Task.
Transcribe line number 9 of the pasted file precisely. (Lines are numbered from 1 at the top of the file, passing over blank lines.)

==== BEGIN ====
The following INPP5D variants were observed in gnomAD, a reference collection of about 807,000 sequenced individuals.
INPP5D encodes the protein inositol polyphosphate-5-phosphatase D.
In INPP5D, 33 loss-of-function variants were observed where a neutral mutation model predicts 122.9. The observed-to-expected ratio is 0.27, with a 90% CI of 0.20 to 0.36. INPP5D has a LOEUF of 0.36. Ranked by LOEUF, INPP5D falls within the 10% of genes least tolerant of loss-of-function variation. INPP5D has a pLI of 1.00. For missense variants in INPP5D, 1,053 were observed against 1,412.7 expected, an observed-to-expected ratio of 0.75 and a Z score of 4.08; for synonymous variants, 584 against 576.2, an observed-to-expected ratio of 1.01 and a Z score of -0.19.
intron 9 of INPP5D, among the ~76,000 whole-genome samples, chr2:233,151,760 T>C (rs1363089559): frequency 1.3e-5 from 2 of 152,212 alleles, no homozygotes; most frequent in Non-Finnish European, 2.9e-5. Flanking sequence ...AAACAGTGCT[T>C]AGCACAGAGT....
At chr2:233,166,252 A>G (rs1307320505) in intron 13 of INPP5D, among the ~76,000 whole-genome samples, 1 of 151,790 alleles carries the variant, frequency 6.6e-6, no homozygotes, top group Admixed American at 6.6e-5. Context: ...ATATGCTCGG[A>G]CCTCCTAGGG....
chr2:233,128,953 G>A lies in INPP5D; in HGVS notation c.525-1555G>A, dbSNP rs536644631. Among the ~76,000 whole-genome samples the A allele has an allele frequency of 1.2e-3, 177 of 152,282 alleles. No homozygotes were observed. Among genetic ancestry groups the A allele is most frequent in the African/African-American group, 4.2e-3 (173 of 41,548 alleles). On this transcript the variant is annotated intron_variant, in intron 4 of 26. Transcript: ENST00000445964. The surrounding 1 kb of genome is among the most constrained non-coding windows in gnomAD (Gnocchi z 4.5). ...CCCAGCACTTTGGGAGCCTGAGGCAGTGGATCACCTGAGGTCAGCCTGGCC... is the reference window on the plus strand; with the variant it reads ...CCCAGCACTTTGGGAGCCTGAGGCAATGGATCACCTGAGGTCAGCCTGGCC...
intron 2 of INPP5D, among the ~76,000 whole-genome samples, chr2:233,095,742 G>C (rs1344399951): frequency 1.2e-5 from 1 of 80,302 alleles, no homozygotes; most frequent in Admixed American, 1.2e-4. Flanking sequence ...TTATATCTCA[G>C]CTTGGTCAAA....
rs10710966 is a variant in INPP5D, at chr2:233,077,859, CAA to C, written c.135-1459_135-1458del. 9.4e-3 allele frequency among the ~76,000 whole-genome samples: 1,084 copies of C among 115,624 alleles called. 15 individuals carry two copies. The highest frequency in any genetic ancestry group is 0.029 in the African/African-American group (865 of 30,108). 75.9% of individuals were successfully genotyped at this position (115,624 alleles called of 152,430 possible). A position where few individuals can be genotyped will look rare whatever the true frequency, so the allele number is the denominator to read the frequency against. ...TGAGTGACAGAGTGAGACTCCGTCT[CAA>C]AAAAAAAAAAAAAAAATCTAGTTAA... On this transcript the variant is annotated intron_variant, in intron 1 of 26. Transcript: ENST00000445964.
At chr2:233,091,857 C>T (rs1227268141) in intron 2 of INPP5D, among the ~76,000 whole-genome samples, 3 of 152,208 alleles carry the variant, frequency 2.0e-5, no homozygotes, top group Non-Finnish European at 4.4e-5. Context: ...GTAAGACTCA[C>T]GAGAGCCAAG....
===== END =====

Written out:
At chr2:233,091,857 C>T (rs1227268141) in intron 2 of INPP5D, among the ~76,000 whole-genome samples, 3 of 152,208 alleles carry the variant, frequency 2.0e-5, no homozygotes, top group Non-Finnish European at 4.4e-5. Context: ...GTAAGACTCA[C>T]GAGAGCCAAG....